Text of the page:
- The Washington Times - Thursday, September 29, 2005

D.C. Mayor Anthony A. Williams made it official yesterday, nixing a run for a third term and telling supporters in a crowded Southeast recreation center that he hopes his announcement, 15 months before his term ends, brings clarity to a muddied — and already crowded — upcoming mayor’s race.

“People say: ‘Why now?’ I felt strongly that it was unfair to the people of this city to begin the political process so early,” said Mr. Williams. “But I also don’t want my future plans to cloud the landscape, especially the political landscape, of our city.”

The mayor’s decision not to seek the Democratic nomination ends months of speculation that he would not run against as many as five contenders — including three formidable council members — who have already announced plans to take his place.

D.C. Council Chairman Linda W. Cropp and council members Adrian M. Fenty, Ward 4 Democrat, and Vincent B. Orange Sr., Ward 5 Democrat, are all declared candidates for the top job, as is former Verizon Chief Executive Officer Marie Johns and lobbyist Michael Brown.

Mr. Fenty, considered an early favorite by many, said if elected, he would hire many of the Mr. Williams’ staffers.

“We are going to develop a high quality work force and that includes people that are already in the administration that are doing a good job,” said Mr. Fenty, who also plans to continue going after Mr. Williams’ supporters.

Mrs. Cropp, who is expected to challenge Mr. Fenty for the support of the mayor’s staffers, contributors and volunteers, said she is already putting together her legislative priorities for the District.

“I welcome Williams supporters who share my vision for the future of the city,” she said.

Mr. Orange said he would “take the District to another level.”

Mr. Williams, who is credited with spearheading the economic revitalization of the District and bringing Major League Baseball back to the city, said he will not officially endorse any candidate until next year.

He made the announcement at the Hillcrest Recreation Center in Southeast, flanked by his wife, Diane, daughter Asantewa, and his mother, Virginia. He launched his first City Hall bid seven years ago in the same room.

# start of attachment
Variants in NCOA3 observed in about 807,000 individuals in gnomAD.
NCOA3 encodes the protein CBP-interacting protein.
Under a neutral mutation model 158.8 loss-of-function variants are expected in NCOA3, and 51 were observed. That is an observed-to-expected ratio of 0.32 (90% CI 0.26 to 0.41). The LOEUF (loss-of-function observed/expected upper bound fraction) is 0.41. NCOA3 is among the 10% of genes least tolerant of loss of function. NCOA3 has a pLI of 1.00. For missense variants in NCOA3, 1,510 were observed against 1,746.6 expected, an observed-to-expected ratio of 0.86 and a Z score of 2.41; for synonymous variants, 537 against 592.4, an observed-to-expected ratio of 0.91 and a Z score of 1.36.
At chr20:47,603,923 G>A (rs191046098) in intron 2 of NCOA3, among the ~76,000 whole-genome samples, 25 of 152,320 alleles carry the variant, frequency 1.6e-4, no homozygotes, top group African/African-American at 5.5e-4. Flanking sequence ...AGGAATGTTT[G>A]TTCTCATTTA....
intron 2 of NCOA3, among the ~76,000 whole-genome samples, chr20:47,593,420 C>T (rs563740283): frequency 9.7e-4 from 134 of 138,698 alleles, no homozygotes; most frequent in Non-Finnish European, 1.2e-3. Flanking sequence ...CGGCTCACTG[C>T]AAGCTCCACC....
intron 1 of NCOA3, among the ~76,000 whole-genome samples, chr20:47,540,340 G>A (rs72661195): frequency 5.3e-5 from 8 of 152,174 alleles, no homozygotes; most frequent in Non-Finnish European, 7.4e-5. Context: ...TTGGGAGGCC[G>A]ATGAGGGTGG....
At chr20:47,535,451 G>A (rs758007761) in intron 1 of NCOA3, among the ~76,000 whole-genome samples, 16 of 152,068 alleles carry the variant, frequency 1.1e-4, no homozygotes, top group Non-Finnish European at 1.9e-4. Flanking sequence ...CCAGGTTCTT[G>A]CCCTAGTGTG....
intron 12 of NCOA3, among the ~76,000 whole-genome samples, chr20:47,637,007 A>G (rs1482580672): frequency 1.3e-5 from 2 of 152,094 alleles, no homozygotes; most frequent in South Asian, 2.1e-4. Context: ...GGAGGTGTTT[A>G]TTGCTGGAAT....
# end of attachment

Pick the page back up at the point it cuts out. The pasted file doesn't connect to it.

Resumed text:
“I will not seek re-election to a third term as mayor of our nation’s capital,” he told more than 300 supporters. “It’s time for me to begin a new chapter in my life and to look for new challenges.”

The announcement was met with chants of “four more years.”

Bill Dorsey, 62, a Hillcrest resident and a self-described “strong supporter,” said he is “very sad to see him leave.”

“I think he has brought this city a long way,” he said. “When I go back to the other administrations when he came in the city was in bad shape. … The city was just in a corrupt state, But look at it today. You can tell the difference in what he has done.”

Cabinet members facing an uncertain future were more somber.

“I am disappointed because I was hoping that he would actually stay for a third term,” said Metropolitan Police Chief Charles H. Ramsey, who learned of Mr. Williams’ decision through the press. “He has done a very, very good job but I also understand [how] he feels at this point in time. He wants to move on and I respect that.”

The mayor’s wife, who rarely speaks to reporters, said she had little advance notice.

“He had to make his own decision,” Mrs. Williams said. “I know a lot of people were saying that I was the force behind it. I was not.”

Under Mr. Williams’ leadership the District’s homicide rate last year fell to an 18-year low. To date, the city has had seven fewer killings this year than last.

Mr. Williams said that serving as president of the National League of Cities, which contributed to him sometimes coming under criticism for being out of the city more than he was in it, was worth it.

“As your mayor, I have led the city … to the threshold of real greatness,” he told the crowd. “I believe that I have gotten us to the point to where we have opened the door, and prepared this city to walk through that door. But I have to come to tell you today that I will not be the one to lead you through that door.”


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